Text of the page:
Others make CSR decisions in private and only share their decisions under the force of public pressure. Apple is a great example. The company was singled out by Greenpeace for their dirty data centers - not because their data centers were really bad, but because they refused to share data with Greenpeace and the NGO assumed the worst. When Apple came out a few weeks later with news of a renewable energy powered data center, which was likely in the works in the middle of Greenpeace's research, the announcement read as too little too late, or worse, a decision borne of the green giant's pressure rather than a proactive move. If Apple had been more upfront with Greenpeace, or more open about its plans to improve its energy use, they might have avoided all that bad press.
3p recommendation: The secrecy which works so well for product launches is lost on the public when it comes to CSR communications. Communicate openly and honestly, and you won't need a defense quite as often.
7. Avoiding the negative
Many many CSR communications focus on the positive and that's great, but it's important to also be honest when things aren't going so well, otherwise, it's hard to believe you about the good things.
3p recommendation: Don't be afraid to share bad news - we appreciate your diligence and your honesty. You didn't think this CSR stuff was going to be EASY, did you? Neither do we. We know it will be hard, and you might not always meet your targets, but we want to hear about the process anyway. Believe me. Being honest will further your overall communications goals and we're more likely to celebrate with you when you do hit a milestone.
8. Going too light on quantitatives
If I had a dollar for every CSR report filled with pictures of sunshine, solar panels and smiling, multicultural employees, I'd be a rich woman. These reports are a great start, but until a company starts setting targets and reporting honestly on whether or not they're meeting them, I take their communications with a grain of salt.
3p recommendation: Pictures and breakout quotes do a great job of setting the stage, but it's important to have a second and third act, too. Those pictures should inspire me to read further, and hopefully I should find quantitative goals and results to back up the story told by the beautiful pictures.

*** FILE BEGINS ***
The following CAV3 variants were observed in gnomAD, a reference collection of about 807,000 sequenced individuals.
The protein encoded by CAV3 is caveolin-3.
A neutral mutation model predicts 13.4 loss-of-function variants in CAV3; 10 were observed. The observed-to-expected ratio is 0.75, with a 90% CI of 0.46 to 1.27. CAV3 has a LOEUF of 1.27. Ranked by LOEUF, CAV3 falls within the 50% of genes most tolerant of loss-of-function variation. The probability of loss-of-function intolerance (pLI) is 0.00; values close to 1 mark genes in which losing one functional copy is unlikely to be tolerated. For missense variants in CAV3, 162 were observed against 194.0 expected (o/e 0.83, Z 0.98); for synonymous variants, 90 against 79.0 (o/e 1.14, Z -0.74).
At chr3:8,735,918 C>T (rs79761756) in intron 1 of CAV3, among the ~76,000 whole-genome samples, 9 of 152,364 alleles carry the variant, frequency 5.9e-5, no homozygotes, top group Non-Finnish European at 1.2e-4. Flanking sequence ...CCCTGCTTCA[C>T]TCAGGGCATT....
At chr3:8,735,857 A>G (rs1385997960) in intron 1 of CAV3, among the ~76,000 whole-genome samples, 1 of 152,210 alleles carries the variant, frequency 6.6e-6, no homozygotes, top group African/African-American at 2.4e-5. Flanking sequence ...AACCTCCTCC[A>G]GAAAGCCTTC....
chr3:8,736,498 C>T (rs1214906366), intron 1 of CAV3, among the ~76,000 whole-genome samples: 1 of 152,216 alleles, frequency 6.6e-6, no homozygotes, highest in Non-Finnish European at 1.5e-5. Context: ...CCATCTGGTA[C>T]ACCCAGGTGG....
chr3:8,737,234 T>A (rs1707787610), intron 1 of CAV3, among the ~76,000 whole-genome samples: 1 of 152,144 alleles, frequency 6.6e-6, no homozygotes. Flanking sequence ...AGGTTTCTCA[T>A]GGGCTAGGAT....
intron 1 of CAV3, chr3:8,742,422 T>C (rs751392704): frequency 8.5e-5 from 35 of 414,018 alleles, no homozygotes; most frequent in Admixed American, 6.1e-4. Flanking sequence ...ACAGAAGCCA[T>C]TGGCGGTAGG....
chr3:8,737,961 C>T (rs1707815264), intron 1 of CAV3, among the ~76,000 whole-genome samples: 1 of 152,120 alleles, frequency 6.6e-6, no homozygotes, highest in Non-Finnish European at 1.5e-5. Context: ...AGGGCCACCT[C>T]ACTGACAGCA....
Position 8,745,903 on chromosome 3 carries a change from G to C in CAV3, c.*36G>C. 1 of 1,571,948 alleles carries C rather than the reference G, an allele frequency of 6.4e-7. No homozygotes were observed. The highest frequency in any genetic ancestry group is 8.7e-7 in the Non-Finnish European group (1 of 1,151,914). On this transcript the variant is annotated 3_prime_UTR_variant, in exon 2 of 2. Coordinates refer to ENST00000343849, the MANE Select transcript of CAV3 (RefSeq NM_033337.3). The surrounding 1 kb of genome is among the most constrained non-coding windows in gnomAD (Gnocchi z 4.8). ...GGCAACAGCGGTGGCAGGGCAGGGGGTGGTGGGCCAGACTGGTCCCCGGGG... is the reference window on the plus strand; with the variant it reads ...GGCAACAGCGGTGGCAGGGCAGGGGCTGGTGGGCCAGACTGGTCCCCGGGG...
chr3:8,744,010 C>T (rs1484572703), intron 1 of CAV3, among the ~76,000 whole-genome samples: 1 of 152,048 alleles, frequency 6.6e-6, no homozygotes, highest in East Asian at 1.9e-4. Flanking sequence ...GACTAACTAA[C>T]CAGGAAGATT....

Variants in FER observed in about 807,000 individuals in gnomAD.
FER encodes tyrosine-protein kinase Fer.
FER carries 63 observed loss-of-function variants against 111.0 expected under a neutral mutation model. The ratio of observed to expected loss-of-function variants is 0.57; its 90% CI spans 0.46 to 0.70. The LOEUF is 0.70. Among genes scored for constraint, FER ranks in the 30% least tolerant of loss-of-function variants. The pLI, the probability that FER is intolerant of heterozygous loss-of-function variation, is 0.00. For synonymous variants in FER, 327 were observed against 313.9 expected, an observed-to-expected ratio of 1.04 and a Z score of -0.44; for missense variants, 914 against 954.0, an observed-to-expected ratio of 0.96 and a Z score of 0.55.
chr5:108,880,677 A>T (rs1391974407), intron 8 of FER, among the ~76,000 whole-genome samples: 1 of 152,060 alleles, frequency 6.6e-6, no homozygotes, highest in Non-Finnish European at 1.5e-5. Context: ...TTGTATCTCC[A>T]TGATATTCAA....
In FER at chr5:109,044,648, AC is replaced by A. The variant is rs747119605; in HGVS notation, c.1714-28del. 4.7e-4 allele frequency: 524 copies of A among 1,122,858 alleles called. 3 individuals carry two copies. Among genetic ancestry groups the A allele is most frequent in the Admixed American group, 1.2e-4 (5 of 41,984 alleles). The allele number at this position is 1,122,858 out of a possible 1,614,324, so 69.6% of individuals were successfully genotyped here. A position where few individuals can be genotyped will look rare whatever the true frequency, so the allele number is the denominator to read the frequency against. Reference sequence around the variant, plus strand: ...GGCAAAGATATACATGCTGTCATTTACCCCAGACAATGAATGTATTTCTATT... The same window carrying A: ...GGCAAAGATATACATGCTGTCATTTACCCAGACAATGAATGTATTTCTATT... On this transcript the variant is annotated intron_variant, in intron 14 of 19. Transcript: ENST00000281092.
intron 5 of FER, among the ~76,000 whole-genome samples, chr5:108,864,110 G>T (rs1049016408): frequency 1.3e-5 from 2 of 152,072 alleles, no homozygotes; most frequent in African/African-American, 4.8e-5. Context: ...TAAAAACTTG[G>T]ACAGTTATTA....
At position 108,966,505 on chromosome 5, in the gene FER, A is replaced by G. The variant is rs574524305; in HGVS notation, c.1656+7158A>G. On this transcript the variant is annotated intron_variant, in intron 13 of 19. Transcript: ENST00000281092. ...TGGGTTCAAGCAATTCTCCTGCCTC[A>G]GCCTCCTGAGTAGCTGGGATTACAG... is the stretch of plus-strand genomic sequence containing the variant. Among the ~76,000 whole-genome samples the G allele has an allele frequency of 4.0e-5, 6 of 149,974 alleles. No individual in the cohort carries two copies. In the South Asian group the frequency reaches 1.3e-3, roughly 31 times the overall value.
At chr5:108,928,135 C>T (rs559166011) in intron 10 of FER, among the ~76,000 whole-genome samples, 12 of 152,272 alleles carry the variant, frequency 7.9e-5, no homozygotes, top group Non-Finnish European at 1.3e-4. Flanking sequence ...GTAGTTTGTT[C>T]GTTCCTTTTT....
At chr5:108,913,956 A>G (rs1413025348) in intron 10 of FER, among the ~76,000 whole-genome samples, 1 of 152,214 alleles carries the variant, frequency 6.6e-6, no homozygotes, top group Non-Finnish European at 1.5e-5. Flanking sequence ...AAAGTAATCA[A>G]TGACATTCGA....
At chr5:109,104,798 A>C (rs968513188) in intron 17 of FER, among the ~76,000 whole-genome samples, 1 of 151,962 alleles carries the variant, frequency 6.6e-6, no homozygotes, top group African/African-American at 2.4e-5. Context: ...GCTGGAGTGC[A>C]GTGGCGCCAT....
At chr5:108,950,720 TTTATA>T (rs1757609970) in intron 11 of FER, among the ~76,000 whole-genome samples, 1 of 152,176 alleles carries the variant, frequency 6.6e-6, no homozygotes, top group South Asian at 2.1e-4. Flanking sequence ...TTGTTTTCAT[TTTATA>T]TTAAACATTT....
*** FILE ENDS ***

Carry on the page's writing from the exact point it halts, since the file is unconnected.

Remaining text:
9. Lack of comparability
You might have all the graphs in the world, but how do you compare to other companies in your industry? Other companies with a CSR strategy? Reporting comparatively is indeed a tall order, but it's something that should be in your company's long-term sustainability plan. And not just for feel good reasons, but because if your sustainability performance suffers compared to your competitors, you're opening yourself up to a lot of risk.
3p Recommendation: It's hard to know where unless you are using a framework like the Global Reporting Initiative or the Carbon Disclosure Project to track your progress.
10. Focusing too much on the report
We get it. Writing a sustainability report is extremely challenging - it can be a marathon and all the sustainability coordinators we know are just pushing for the finish line. But remember that the goal of all that reporting is to share it with people. And people don't love reading hundred-page PDF documents no matter how pretty they are.
3p recommendation: Think about how you can share that information with your stakeholders all year long and build on all the hard work you did putting out a report. Can you use the material to create presentation slides for executives or chop it into blog posts? Get creative and make sure to ask for feedback!
Readers: what mistakes have you seen in CSR communications?
Jen Boynton is the former Editor-in-Chief of TriplePundit. She has an MBA in Sustainable Management from the Presidio Graduate School and has helped organizations including SAP, PwC and Fair Trade USA with their sustainability communications messaging. She is based in San Diego, California. When she's not at work, she volunteers as a CASA (court appointed special advocate) for children in the foster care system. She enjoys losing fights with toddlers and eating toast scraps. She lives with her family in sunny San Diego.